We were told to stay on the plane to await the arrival of the police. After two hours two members from the infamous Law and Order Section arrived. They tried to bully the Immigration Official into admitting that Roy's name was not on the passenger list and that he'd been trying to leave the country illegal. Which was absolute crap.
We had a copy of the pilot's manifesto with Roy's name third on the list. Then the German Embassy arrived. Followed by some journalists. And then the police changed their tune and they insisted that we take off.
My biggest regret is that we didn't ignore the instructions from the tower and take off anyway. Roy's abduction culminated in his being charged with terrorism. These actions are clearly against the spirit of the agreement that underpins the formation of the GNU. As is the continued illegal detention and torture of Jestina, Chris Dhlamini and others.
As was the way Mugabe bullied his way into swearing in an extra four ZANU Ministers. When will South Africa and the other members of SADC stand up to Mugabe and the Generals pulling his strings? They are blight on the region and have reduced Zimbabwe to a collection of the most unfortunate set of statistics ever. 95% unemployment in the country.
Five million Zimbabweans in exile out of a total of just twelve million. And of the seven million Zimbabweans left in the country, six million require food aid. A run away epidemic of Cholera that can only continue to hack away at the world's lowest life expectancy of just 34 years. What is going on in Zimbabwe is genocide, plain and simple.
We have set up a fund called The Friends Of Roy Bennet. We need to raise lots of money to look after Roy and his family. To look after Jestina Mukoko. To look after Chris Dhlamini and Gandhi Mudzingwa and all the other abductees.
We need money to pay for their food and their legal fees. We need to make sure the world does not forget them. Only when they are released, only when the people who are responsible for their abductions are out of the picture and no longer in a position to continue to perpetuate the misery that is Zimbabwe, only then can we start to fix what is broken. Account Name : Friends of
Account Name :Friends of Roy Bennett
Acct No : 1589406079
Sort Code : 158952
Bank : Nedbank
Swift code: NEDSZAJJ
In closing I would ask you to circulate this appeal as widely as possible. And please find room in your prayers for Roy and Jestina and all the others, and especially for Morgan. Ask that he have the courage and conviction to do what he has to do to put an end to the madness once and for all.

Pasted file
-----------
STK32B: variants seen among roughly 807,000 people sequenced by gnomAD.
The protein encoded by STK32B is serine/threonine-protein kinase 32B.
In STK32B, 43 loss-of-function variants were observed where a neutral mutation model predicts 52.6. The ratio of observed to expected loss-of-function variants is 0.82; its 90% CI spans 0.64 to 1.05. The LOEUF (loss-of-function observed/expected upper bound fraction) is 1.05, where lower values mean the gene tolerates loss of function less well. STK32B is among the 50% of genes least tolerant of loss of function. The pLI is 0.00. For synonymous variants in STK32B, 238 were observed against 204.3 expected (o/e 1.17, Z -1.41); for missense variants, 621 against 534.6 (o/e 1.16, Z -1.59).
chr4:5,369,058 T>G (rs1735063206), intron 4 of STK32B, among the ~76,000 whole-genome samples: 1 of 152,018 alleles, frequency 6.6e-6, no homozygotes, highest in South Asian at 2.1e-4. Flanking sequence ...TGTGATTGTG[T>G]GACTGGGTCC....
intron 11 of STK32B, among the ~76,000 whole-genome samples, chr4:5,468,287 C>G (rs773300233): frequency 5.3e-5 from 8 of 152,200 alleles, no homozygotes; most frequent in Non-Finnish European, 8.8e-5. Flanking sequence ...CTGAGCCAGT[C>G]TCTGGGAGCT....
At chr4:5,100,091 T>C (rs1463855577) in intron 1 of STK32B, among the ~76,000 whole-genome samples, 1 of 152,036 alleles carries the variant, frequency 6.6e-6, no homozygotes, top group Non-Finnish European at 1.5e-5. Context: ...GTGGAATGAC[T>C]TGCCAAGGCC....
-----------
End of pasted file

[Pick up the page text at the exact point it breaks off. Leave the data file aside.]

Life in Zimbabwe's Mutare jail
By Peta Thornycroft in Harare
Mutare Central Police station is a pretty colonial era building with a clock
tower which doesn't keep time and a line of tall palm trees at its front.
Mutare is surrounded by ranges of mountains, in the north to Christmas Pass,
named by British Empire builder, Cecil John Rhodes and to the east heavily
wooded ranges of hills which spread to where they sky ends over Mozambique.
The police cells where Mr Bennett is being kept are tiny, about 10' x 6'
with high concrete ceilings. They have a tiny window at the top of the back
wall which lets in a little light and with just the cement floor on which to
sleep on and smeared graffiti on filthy walls to read.
In cells reserved for men, there is usually no room to lie down as most
water facilities are broken so warders concentrate as many as possible into
one or two cells where there is working tap which occasionally dribbles a
drop or two.
Sometimes there is an ancient threadbare red blanke but they are so covered
in lice and excrement, that detainees try never to have to use them, even in
cold winter months.
Most of the lavatories - holes in the ground in the corner of the cell - are
only flushed from the outside when a passing warder feels so inclined.
Prisoners are woken for line up and inspection just after dawn. They are
allowed into the small shabby courtyard for a few minutes and are then
locked up for the rest of the day with a few minutes out at mid day and
before supper. Food is brought in by relatives as the prisons department has
Mr Bennett will be held in one of these cells in the courtyard, overlooked
by detectives in their offices on the floor above.
After detainees are locked up for the night, before sunset, the men begin
the long uncomfortable lock up with noisy conversations, and then as the
hours drag they begin to sing, sometimes familiar Christian hymns, sometimes
folk songs from tribal areas, sometimes with additions about current events,
but it seems, no matter who the occupants, the music spreading throughout
the line of cells is hauntingly tuneful with harmonies developing through
each song until the grande finale when all voices join together. Then
quieter melancholy songs begin and the volume decreases as prisoners begin
to fall asleep.
They are woken through the night by rats and bites from an appalling range
of lice, bed bugs and spiders.
Sometimes one outside light is on in the courtyard, but usually the bulb is
broken, but through the tiny grille in the iron door, in the clear bright
nights over Mutare the stars are there and many prisoners waking from fitful
sleep take turns to look out at the world above.